A Graph Visualization Tool

[Fabian Schubert, 2022]

You can use this application to explore the properties of two types of randomly generated graphs: The Erdős–Rényi model and the Barabasi-Albert model. You can vary the network size as well as the average number of edges of the nodes in the network.

The plot on the left is a visualization of the resulting graph structure. Nodes belonging to the same connected component have the same color. On the right, you see the size of the largest connected component relative to the network size as a function of the mean degree. Changing the network size or the mean degree will add more samples to the plot. Click on "clear plot" to remove these samples.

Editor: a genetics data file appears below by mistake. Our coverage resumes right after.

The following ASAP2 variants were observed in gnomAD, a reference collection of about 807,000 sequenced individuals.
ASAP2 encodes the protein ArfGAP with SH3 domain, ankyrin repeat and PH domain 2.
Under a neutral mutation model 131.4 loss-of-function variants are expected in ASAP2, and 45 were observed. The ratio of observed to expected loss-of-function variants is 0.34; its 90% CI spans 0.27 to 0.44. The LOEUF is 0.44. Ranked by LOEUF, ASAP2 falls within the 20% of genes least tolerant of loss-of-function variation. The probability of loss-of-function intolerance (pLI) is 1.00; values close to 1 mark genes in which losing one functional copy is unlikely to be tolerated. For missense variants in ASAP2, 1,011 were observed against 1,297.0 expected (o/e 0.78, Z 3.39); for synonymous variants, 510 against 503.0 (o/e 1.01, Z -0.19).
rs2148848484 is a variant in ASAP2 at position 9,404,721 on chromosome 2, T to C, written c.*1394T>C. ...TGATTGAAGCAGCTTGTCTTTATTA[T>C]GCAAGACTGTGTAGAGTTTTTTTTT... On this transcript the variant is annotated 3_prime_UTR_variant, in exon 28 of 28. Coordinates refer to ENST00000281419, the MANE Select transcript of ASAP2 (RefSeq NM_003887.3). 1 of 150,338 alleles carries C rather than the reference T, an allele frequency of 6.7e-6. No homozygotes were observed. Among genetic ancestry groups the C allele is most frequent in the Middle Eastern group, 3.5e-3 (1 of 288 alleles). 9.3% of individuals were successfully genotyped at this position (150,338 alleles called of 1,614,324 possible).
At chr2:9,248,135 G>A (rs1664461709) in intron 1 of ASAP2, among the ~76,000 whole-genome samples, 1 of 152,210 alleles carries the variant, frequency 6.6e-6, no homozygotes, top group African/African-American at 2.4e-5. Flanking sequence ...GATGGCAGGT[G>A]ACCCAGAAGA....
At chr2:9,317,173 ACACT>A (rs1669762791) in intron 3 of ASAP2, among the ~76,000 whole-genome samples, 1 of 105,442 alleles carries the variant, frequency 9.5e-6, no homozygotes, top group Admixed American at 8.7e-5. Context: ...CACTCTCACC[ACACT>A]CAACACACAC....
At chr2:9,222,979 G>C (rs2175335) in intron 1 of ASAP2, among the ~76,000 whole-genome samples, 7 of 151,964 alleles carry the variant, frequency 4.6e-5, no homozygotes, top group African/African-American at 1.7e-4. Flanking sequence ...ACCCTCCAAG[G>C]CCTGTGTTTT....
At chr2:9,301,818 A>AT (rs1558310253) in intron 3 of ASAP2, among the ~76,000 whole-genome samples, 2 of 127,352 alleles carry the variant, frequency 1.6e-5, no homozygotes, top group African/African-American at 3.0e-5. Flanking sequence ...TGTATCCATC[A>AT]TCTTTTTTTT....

Erdős–Rényi Model

In the Erdős–Rényi model, each potential edge in the graph is added with a probability \(p=\langle k \rangle / (2 N) \), where \( k \) is the average node degree and \( N \) is the network size. If you vary \( k \), you will observe a transition for \( k \approx 1 \)in the plot on the right, where the relative size of the largest component increases. This transition becomes more "sharp" as you increase the network size. For \(N \rightarrow \infty \), this becomes a second-order phase transition.

Barabasi-Albert Model

In this model, edges and nodes are subsequently added. Each new node that is added to the network connects on average to \(\langle k \rangle / (2 N) \) existing nodes. The probability of connecting to an existing node \(i\) is weighted by its current degree \(k_i\). This preferential attachment leads to a scale-free powerlaw distribution of edge degrees. Furthermore, the relative size of the largest connected component in the network becomes non-zero in the \(N \rightarrow \infty \) for all \(\langle k \rangle > 0 \): Try varying \(\langle k \rangle \) with the Barabasi-Albert model and observe the orange samples on the right plot.